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  • Chronic LBP Correlated With 'Clustering' of Socioeconomic, Behavioral Factors

    While the disability and health care utilization burdens of chronic low back pain (cLBP) have been well-documented for some time, a new study finds that those burdens may fall unevenly, with poorer, less-educated, and less-healthy Americans most likely to experience the condition.

    Researchers analyzed demographic and health-related data from 5,103 Americans aged 20 to 69 years who participated in the National Health and Nutrition Examination Survey (NHANES) back pain questionnaire in the 2009-2010 survey cycle. Of those, 700 reported experiencing cLBP, which researchers defined as "current pain in the area between the lower posterior margin of the ribcage and the horizontal gluteal fold at the time of the survey, with a history of pain lasting almost every day for 3 months."

    Authors of the study then cross-referenced individuals reporting cLBP with different demographic, health, and health care usage data to get a better picture of how factors like income and education correlate with the condition. The results, e-published ahead of print in Arthritis Care & Research (abstract only available for free), show what authors call a "clustering of behavioral, psychosocial, and medical issues." Among them:

    • Overall prevalence of cLPB was 13.1%, with adults between 50 and 69 years old 2 times more likely to experience the condition. Women were more likely to have cLPB, and Caucasian participants were 1.5 times more likely to report cLBP than African American or Hispanic respondents.
    • Adults with cLBP had generally received less education than those without cLBP—they were nearly 2 times less likely to have a college degree, and 2.2 times less likely to have a high school diploma or associate's degree.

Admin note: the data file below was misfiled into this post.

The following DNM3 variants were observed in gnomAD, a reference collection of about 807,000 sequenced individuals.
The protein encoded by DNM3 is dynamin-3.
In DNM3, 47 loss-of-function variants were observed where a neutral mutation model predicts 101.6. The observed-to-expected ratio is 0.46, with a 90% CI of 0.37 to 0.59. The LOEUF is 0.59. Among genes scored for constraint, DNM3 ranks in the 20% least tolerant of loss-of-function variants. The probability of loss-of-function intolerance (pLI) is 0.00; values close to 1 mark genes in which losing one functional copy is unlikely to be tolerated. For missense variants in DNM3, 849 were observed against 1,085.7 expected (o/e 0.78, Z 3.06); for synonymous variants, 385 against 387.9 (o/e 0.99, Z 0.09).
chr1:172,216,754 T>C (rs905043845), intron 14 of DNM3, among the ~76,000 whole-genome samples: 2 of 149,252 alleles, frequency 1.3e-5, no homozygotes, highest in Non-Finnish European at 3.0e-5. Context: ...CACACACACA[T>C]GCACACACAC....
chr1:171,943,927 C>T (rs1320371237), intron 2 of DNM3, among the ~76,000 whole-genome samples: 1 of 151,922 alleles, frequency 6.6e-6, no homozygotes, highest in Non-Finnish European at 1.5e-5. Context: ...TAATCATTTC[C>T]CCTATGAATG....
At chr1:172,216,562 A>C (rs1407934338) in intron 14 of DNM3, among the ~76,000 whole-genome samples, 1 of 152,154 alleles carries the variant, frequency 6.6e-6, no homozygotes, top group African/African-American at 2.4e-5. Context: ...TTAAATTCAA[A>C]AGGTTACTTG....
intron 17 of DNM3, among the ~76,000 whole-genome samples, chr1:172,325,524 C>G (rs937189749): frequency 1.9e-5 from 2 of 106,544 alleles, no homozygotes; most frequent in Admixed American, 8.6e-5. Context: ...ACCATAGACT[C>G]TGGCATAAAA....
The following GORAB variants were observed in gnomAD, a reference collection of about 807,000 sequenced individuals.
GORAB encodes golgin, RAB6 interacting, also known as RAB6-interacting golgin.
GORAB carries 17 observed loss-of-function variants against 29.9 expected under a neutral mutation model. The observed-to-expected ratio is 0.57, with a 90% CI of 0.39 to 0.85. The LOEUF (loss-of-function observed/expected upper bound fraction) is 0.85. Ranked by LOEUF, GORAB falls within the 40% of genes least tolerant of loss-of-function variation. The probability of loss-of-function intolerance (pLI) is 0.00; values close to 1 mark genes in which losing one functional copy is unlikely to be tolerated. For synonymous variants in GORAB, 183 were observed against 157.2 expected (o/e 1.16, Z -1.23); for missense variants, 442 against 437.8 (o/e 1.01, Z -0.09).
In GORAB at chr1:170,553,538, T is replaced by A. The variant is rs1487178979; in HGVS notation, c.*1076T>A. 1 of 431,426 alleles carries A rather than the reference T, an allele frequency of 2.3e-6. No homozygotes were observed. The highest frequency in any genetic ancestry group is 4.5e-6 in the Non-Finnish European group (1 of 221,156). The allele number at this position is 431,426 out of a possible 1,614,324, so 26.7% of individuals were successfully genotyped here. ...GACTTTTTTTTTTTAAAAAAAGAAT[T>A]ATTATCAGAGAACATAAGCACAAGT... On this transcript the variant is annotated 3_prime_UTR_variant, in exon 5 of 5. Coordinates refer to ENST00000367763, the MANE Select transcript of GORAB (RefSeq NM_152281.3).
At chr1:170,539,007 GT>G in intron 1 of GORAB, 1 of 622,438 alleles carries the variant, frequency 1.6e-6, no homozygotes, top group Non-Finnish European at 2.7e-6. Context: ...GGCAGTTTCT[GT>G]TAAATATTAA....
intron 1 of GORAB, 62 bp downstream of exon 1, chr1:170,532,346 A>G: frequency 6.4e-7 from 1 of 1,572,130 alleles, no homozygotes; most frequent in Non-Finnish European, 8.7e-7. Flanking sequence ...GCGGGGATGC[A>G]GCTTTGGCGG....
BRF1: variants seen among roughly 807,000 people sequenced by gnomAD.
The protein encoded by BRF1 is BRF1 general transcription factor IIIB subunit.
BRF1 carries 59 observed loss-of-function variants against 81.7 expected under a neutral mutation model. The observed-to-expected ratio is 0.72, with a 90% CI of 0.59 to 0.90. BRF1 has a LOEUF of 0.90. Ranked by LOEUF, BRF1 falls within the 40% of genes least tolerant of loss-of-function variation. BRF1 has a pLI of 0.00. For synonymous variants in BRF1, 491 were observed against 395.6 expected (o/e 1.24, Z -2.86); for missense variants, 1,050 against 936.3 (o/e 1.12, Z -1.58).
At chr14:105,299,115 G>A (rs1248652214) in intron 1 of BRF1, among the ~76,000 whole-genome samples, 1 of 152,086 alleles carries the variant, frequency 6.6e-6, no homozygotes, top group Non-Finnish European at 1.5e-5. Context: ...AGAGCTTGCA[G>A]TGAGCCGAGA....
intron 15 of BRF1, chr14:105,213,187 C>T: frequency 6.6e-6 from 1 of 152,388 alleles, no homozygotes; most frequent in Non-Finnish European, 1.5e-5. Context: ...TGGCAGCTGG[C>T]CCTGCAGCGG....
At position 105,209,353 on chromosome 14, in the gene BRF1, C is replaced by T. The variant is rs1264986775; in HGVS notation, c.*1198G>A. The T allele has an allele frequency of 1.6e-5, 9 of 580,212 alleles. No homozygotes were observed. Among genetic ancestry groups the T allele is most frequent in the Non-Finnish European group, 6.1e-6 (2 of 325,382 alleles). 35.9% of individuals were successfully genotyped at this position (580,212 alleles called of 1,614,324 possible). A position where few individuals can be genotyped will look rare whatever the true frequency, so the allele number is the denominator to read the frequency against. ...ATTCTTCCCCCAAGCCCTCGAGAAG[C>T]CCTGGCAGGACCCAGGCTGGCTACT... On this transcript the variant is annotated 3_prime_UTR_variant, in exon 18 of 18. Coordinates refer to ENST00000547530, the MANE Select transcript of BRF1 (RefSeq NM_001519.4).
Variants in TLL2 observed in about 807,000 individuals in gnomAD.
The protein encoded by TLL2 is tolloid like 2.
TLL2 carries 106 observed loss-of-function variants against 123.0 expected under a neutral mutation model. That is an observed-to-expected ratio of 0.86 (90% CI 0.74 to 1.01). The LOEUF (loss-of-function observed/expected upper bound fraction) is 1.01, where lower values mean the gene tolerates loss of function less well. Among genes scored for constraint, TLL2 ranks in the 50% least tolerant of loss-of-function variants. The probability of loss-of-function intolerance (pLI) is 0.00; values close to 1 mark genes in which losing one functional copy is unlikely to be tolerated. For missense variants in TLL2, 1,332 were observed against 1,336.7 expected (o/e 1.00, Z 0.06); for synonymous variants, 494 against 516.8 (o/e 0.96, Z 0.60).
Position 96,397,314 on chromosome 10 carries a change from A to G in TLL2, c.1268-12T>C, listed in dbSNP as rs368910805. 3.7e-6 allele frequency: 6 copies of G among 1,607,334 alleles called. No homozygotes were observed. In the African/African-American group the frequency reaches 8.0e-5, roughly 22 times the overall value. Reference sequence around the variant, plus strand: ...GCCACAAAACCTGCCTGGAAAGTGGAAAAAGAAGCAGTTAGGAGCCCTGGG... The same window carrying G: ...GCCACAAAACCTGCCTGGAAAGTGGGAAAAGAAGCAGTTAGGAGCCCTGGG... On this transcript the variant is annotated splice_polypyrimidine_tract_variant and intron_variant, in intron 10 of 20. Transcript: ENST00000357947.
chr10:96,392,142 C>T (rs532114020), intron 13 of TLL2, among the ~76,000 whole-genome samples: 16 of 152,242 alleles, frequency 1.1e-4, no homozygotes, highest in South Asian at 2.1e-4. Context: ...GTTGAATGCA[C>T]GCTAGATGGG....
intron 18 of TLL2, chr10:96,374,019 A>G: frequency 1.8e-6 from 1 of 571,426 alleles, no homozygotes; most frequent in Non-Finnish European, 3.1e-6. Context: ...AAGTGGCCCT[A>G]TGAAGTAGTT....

• The odds of unemployment were 1.79 times higher for the cLBP group. The cLBP group was also 2.2 times more likely to have an annual income of $20,000 or less.
    • The rate of income from disability was 12.8% in the cLPB group, compared with 4.6% among those without cLBP.
    • More than 1 in 3 adults with cLBP screened positive for depression; the rate was just over 1 in 5 among those without cLBP.
    • Adults with cLBP were 3.9 times more likely to have reported sleep disturbances than those without cLBP.
    • Nearly half (48%) of the cLBP group reported 3 or more comorbidities, compared with 17% of individuals without cLBP.

    In terms of health insurance and utilization, adults with cLBP were less likely to be covered by private insurance, and more likely to have Medicare (2.25 times) or Medicaid (3.23 times). They were also 1.9 times more likely to report an overnight hospitalization in the past year. When researchers analyzed health and demographic data among the adults with cLBP who reported 10 or more health care visits per year, they found increased likelihoods linked to unemployment, disability income, depression, and sleep disturbances.